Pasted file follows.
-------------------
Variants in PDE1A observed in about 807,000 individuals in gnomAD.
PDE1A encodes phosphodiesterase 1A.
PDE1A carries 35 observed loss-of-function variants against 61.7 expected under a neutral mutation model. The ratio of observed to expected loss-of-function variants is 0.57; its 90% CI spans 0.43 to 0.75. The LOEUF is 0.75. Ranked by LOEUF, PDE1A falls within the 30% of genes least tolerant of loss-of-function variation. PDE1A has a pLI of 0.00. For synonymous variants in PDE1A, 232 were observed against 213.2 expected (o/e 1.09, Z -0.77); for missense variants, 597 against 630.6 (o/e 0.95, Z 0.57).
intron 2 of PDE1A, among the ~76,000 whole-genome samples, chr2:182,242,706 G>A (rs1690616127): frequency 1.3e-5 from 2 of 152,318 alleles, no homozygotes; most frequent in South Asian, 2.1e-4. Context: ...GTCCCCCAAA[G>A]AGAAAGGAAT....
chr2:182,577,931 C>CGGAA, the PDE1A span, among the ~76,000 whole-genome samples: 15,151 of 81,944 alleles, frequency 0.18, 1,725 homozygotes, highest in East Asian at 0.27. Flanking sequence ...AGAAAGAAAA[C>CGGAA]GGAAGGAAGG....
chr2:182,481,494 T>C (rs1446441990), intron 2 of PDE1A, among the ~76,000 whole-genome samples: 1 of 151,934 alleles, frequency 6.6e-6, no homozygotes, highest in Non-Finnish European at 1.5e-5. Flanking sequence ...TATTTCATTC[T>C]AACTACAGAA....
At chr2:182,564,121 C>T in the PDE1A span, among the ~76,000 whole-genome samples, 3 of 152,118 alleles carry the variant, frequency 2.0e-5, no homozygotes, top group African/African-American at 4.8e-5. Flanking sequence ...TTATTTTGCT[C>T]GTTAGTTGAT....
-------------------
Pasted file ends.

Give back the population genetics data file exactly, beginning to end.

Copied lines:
Variants in PDE1A observed in about 807,000 individuals in gnomAD.
PDE1A encodes phosphodiesterase 1A.
PDE1A carries 35 observed loss-of-function variants against 61.7 expected under a neutral mutation model. The ratio of observed to expected loss-of-function variants is 0.57; its 90% CI spans 0.43 to 0.75. The LOEUF is 0.75. Ranked by LOEUF, PDE1A falls within the 30% of genes least tolerant of loss-of-function variation. PDE1A has a pLI of 0.00. For synonymous variants in PDE1A, 232 were observed against 213.2 expected (o/e 1.09, Z -0.77); for missense variants, 597 against 630.6 (o/e 0.95, Z 0.57).
intron 2 of PDE1A, among the ~76,000 whole-genome samples, chr2:182,242,706 G>A (rs1690616127): frequency 1.3e-5 from 2 of 152,318 alleles, no homozygotes; most frequent in South Asian, 2.1e-4. Context: ...GTCCCCCAAA[G>A]AGAAAGGAAT....
chr2:182,577,931 C>CGGAA, the PDE1A span, among the ~76,000 whole-genome samples: 15,151 of 81,944 alleles, frequency 0.18, 1,725 homozygotes, highest in East Asian at 0.27. Flanking sequence ...AGAAAGAAAA[C>CGGAA]GGAAGGAAGG....
chr2:182,481,494 T>C (rs1446441990), intron 2 of PDE1A, among the ~76,000 whole-genome samples: 1 of 151,934 alleles, frequency 6.6e-6, no homozygotes, highest in Non-Finnish European at 1.5e-5. Flanking sequence ...TATTTCATTC[T>C]AACTACAGAA....
At chr2:182,564,121 C>T in the PDE1A span, among the ~76,000 whole-genome samples, 3 of 152,118 alleles carry the variant, frequency 2.0e-5, no homozygotes, top group African/African-American at 4.8e-5. Flanking sequence ...TTATTTTGCT[C>T]GTTAGTTGAT....